8. An experimental study of VBR video over various ATM switch architectures

    SciTech Connect

    Tsang, R.P.; Hsieh, J.; Du, D.H.C.

    1997-12-31

    One of the most important components of an Asynchronous Transfer Mode (ATM) network is the switch. Switch design is not a part of the ATM standards so vendors use a wide variety of techniques to build their switches. In this paper, the authors present experimental results of switching and multiplexing real-time Variable Bit Rate (VBR) video traffic (JPEG, MPEG-1, and MPEG-2) through two different ATM switch architectures. Real-time VBR traffic, such as digital video, is particularly interesting due to its high demands in terms of bandwidth, real-time delivery and processing requirements. The experiments show that the fastest switches, i.e., lowest latencies, do not necessarily perform better when transmitting VBR video. The impact of the high speed network components; characteristics, such as switch fabric architecture, buffering strategies, and higher layer transport protocols (i.e., UDP, TCP/IP), are illustrated through the experimental results.

  9. Authenticated Tracking and Monitoring System (ATMS) tracking shipments from an Australian uranium mine

    SciTech Connect

    Schoeneman, J.L.; Sorokowski, D.

    1997-10-01

    The Authenticated Tracking and Monitoring System (ATMS) answers the need for global monitoring of the status and location of sensitive items on a worldwide basis, 24 hours a day. The ATMS concept uses wireless sensor packs to monitor the status of the items and environmental conditions, to collect a variety of sensor event data, and to transmit the data through the INMARSAT satellite communication system, which then sends that data to appropriate ground stations for tracking and monitoring. Authentication and encryption algorithms are used throughout the system to secure the data during communication activities. A typical ATMS application would be to track and monitor the safety and security of a number of items in transit along a scheduled shipping route. The resulting tracking, timing, and status information could then be processed to ensure compliance with various agreements.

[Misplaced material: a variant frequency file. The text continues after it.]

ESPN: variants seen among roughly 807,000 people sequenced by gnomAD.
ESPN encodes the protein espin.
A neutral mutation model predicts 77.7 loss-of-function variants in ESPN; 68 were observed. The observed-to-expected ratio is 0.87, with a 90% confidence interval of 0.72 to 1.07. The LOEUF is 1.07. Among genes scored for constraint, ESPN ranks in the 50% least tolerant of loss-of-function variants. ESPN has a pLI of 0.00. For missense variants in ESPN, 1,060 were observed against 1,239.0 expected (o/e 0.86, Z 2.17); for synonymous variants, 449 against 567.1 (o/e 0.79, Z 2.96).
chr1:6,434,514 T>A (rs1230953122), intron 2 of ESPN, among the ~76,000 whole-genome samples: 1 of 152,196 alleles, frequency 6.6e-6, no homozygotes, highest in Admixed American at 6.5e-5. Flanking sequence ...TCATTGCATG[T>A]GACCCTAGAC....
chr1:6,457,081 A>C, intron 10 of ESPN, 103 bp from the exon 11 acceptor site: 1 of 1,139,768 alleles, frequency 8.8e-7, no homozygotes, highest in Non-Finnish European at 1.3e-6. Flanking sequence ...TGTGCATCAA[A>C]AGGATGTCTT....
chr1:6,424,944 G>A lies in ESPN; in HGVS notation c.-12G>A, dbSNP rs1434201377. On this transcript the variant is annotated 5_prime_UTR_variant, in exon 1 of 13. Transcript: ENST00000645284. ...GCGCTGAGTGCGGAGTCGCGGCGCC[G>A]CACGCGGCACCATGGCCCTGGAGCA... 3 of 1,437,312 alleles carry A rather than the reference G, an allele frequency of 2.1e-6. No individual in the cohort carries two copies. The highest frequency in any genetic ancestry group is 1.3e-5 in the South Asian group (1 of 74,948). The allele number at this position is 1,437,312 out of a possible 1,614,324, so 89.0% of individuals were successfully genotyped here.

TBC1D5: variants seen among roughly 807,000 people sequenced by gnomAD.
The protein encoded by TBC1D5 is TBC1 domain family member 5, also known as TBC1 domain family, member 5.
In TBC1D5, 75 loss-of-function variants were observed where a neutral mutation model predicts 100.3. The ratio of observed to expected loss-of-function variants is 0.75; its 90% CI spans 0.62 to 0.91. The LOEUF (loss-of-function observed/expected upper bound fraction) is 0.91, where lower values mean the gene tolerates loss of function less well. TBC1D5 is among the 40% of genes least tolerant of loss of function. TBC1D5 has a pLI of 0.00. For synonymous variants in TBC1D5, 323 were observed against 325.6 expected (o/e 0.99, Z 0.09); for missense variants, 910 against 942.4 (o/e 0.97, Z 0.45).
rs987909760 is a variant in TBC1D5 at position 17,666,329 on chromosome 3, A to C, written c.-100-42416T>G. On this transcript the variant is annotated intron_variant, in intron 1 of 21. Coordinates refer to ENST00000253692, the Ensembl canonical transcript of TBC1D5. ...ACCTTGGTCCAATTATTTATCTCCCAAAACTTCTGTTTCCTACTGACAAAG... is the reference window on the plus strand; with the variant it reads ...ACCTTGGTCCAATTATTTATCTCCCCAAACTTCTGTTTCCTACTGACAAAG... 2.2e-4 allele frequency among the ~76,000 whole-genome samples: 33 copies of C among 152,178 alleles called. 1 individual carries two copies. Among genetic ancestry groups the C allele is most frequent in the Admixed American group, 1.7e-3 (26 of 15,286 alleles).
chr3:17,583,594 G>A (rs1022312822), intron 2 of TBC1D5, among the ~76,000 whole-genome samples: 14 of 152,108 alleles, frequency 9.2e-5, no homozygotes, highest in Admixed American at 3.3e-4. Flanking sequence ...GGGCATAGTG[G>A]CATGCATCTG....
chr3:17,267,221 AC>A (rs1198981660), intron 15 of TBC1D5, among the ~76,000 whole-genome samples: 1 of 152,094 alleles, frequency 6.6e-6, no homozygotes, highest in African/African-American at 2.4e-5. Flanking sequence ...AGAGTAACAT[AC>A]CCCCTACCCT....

10. WIPP Transparency Project - container tracking and monitoring demonstration using the Authenticated Tracking and Monitoring System (ATMS)

    SciTech Connect

    SCHOENEMAN, J. LEE; SMARTT, HEIDI ANNE; HOFER, DENNIS

    2000-01-27

    The Authenticated Tracking and Monitoring System (ATMS) is designed to answer the need for global monitoring of the status and location of proliferation-sensitive items on a worldwide basis, 24 hours a day. ATMS uses wireless sensor packs to monitor the status of the items within the shipment and surrounding environmental conditions. Receiver and processing units collect a variety of sensor event data that is integrated with GPS tracking data. The collected data are transmitted to the International Maritime Satellite (INMARSAT) communication system, which then sends the data to mobile ground stations. Authentication and encryption algorithms secure the data during communication activities. A typical ATMS application would be to track and monitor the stiety and security of a number of items in transit along a scheduled shipping route. The resulting tracking, timing, and status information could then be processed to ensure compliance with various agreements.

  11. DNA-PKcs, ATM, and ATR Interplay Maintains Genome Integrity during Neurogenesis.

    PubMed

    Enriquez-Rios, Vanessa; Dumitrache, Lavinia C; Downing, Susanna M; Li, Yang; Brown, Eric J; Russell, Helen R; McKinnon, Peter J

    2017-01-25